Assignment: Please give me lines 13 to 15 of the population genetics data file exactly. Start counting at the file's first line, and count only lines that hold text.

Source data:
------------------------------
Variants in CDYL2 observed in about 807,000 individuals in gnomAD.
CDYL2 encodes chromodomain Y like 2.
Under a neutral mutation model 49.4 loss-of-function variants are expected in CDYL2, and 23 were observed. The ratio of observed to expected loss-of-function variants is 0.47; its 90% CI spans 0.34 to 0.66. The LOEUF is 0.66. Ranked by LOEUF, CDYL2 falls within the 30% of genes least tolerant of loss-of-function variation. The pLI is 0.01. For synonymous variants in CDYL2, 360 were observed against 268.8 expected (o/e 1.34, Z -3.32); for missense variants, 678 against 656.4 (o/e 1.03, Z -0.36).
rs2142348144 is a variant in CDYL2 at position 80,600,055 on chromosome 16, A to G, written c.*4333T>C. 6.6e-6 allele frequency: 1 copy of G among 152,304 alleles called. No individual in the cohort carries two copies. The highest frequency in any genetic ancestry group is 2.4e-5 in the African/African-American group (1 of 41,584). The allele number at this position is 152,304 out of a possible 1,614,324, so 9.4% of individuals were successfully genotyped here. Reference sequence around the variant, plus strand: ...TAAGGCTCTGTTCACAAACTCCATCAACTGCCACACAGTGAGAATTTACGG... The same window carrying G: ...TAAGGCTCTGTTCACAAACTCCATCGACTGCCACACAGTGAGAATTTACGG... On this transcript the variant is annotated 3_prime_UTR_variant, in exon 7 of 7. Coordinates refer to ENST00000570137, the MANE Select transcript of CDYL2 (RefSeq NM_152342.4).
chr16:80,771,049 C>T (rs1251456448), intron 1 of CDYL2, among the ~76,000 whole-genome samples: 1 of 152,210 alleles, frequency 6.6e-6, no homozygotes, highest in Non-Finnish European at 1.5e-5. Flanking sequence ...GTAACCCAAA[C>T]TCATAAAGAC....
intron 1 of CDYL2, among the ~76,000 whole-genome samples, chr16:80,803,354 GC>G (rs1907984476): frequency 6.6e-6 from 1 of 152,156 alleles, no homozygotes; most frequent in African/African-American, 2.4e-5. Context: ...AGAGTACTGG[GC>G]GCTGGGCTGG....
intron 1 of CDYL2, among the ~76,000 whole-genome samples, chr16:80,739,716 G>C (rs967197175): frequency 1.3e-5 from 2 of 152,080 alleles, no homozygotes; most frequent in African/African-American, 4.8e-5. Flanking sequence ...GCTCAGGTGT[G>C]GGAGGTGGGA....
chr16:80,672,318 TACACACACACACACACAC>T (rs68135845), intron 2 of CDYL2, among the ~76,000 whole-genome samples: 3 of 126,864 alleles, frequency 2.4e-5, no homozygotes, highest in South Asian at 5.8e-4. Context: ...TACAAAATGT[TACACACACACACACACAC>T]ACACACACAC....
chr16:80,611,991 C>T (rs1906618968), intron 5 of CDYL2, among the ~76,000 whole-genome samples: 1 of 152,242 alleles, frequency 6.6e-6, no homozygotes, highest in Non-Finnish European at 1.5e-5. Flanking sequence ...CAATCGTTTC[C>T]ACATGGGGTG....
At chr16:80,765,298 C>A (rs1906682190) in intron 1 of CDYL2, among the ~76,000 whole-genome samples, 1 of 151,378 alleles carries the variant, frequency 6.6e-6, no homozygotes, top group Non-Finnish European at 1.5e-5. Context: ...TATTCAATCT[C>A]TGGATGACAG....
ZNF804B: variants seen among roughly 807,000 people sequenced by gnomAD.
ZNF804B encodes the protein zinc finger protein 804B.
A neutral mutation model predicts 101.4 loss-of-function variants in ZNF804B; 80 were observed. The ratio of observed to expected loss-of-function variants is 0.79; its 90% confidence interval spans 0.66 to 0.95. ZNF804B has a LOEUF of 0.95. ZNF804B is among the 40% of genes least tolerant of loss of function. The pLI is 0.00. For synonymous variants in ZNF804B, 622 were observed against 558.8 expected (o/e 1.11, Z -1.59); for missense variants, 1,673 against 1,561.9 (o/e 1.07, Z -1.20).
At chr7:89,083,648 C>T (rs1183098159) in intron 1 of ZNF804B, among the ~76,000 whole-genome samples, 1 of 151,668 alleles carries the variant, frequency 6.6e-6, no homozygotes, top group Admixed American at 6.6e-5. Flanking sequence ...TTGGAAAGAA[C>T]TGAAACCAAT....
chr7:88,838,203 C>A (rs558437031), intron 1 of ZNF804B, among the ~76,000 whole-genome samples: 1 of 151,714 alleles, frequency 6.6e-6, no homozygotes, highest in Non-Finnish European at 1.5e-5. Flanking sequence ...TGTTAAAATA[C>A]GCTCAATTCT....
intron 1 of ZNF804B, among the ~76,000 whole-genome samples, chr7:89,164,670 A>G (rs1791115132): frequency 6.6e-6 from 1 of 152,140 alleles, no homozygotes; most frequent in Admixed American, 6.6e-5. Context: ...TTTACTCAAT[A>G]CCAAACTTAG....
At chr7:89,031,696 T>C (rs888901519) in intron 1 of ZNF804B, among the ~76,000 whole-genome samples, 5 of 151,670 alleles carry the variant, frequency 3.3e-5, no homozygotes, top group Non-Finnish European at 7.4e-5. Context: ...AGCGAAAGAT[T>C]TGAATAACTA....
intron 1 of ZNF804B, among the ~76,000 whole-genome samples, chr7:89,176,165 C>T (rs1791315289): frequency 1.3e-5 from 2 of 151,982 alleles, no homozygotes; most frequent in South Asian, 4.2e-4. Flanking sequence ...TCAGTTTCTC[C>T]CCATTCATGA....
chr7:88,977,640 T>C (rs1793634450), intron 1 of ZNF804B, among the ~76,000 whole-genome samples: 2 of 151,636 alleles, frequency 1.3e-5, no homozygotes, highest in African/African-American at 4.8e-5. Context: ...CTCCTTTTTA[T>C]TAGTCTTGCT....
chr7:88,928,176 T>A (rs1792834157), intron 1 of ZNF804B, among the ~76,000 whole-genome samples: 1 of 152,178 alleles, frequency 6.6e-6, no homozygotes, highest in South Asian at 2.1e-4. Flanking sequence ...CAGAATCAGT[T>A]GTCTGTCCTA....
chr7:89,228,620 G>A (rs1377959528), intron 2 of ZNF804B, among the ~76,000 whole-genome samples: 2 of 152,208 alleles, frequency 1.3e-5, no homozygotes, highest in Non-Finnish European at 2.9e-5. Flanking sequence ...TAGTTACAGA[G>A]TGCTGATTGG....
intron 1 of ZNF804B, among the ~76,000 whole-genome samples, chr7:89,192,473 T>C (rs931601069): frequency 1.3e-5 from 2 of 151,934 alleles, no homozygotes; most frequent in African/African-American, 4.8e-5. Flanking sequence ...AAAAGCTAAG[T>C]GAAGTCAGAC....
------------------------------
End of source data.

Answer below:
A neutral mutation model predicts 101.4 loss-of-function variants in ZNF804B; 80 were observed. The ratio of observed to expected loss-of-function variants is 0.79; its 90% confidence interval spans 0.66 to 0.95. ZNF804B has a LOEUF of 0.95. ZNF804B is among the 40% of genes least tolerant of loss of function. The pLI is 0.00. For synonymous variants in ZNF804B, 622 were observed against 558.8 expected (o/e 1.11, Z -1.59); for missense variants, 1,673 against 1,561.9 (o/e 1.07, Z -1.20).
At chr7:89,083,648 C>T (rs1183098159) in intron 1 of ZNF804B, among the ~76,000 whole-genome samples, 1 of 151,668 alleles carries the variant, frequency 6.6e-6, no homozygotes, top group Admixed American at 6.6e-5. Flanking sequence ...TTGGAAAGAA[C>T]TGAAACCAAT....
chr7:88,838,203 C>A (rs558437031), intron 1 of ZNF804B, among the ~76,000 whole-genome samples: 1 of 151,714 alleles, frequency 6.6e-6, no homozygotes, highest in Non-Finnish European at 1.5e-5. Flanking sequence ...TGTTAAAATA[C>A]GCTCAATTCT....